• There is an exemption from the fee disclosure requirements for pre-2009 403(b) funding vehicles that qualify for the U.S. Department of Labor’s existing exemption from Form 5500 reporting.

Plan-to-Participant Disclosures

  • Nonprofits that maintain 401(k), 403(b) and other similar participant-directed plans are required to provide detailed fee-related disclosures directly to plan participants.  This means that plan committees, employees responsible for the plan, or officers in charge of plan investment and administration must obtain the necessary information and provide it to participants by the deadline.  The fees to be disclosed are fees related to plan investments (i.e., mutual fund fees), as well as fees for the day-to-day administration of the plans.  Although the regulations were just finalized, the principles are consistent with the existing requirements for plan fiduciaries to monitor whether plan fees are reasonable and make changes, if necessary.  For most plans (including calendar-year plans and July 1 – June 30 plans), the initial annual plan-to-participant disclosures must be provided by August 30, 2012.  That means many nonprofits will have only two months after receiving the vendor-to-plan disclosures to put together written fee disclosures to participants reflecting information provided by the vendors (as late as June 30, 2012).  Moreover, the first quarterly disclosure of actual expenses charged to each participant will be due by November 14, 2012 for most plans.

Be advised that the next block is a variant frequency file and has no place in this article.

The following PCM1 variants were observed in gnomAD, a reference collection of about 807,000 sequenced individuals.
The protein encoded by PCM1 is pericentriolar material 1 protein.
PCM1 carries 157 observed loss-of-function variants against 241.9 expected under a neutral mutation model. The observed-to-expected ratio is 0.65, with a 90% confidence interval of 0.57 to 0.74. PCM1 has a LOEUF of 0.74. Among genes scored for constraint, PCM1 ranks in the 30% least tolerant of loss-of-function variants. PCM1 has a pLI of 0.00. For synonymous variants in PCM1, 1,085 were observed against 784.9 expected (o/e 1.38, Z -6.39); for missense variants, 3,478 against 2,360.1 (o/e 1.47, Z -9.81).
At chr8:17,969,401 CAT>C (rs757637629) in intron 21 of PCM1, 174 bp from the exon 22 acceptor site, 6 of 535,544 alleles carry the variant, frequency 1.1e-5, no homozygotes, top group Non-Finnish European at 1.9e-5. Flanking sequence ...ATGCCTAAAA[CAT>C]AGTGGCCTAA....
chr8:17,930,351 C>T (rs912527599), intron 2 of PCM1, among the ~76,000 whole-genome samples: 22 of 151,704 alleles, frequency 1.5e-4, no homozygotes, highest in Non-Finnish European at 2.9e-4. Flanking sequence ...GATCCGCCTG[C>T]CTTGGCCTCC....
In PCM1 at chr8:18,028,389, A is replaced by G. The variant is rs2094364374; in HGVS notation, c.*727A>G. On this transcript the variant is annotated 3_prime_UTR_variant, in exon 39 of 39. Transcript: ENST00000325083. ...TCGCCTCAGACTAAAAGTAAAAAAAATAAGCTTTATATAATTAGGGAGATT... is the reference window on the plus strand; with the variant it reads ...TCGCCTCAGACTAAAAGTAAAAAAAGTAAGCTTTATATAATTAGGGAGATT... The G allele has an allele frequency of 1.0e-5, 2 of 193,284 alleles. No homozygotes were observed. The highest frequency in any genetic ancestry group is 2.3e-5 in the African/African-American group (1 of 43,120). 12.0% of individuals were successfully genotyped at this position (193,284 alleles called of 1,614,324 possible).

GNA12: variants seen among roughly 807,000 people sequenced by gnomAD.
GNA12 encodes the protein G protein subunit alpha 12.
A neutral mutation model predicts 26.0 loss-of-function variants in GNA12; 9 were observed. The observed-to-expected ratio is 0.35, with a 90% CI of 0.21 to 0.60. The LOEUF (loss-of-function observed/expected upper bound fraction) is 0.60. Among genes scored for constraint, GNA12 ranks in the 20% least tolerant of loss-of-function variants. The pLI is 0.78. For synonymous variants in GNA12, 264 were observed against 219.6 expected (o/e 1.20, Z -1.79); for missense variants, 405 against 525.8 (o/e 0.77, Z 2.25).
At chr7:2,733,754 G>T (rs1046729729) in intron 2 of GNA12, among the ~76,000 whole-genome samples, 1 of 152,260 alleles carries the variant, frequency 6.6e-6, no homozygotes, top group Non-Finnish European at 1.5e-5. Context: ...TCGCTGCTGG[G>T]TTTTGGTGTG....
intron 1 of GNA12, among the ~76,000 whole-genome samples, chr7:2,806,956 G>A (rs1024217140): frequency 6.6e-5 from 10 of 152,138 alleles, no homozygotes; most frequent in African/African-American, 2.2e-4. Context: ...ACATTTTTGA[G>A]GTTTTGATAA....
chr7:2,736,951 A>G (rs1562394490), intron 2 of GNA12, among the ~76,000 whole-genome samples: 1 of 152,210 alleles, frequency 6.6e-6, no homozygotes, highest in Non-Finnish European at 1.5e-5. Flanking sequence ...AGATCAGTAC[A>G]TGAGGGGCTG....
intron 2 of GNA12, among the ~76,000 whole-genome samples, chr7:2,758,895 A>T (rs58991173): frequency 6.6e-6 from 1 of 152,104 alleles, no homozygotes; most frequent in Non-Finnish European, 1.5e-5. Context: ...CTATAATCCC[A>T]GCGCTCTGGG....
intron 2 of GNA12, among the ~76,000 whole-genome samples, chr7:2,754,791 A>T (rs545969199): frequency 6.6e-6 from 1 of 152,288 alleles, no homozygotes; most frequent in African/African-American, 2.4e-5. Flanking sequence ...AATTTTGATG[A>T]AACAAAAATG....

• The plan-to-participant disclosures must be provided to all eligible employees (regardless of actual participation in the plan).  For plans with a substantial number of employees who do not use employer-provided computers as an integral part of their jobs, there can be cost and/or logistical issues with distributing the disclosures.
  • In a recently-issued Field Assistance Bulletin, the U.S. Department of Labor announced a non-enforcement policy for plan-to-participant disclosures relating to pre-2009 403(b) funding vehicles that qualify for the Department of Labor’s existing exemption from Form 5500 reporting.  However, it is not clear that this non-enforcement policy would protect plan fiduciaries from private lawsuits.

Action Items

  • For plan sponsors that have not yet started to work on compliance with these new requirements, now is the time.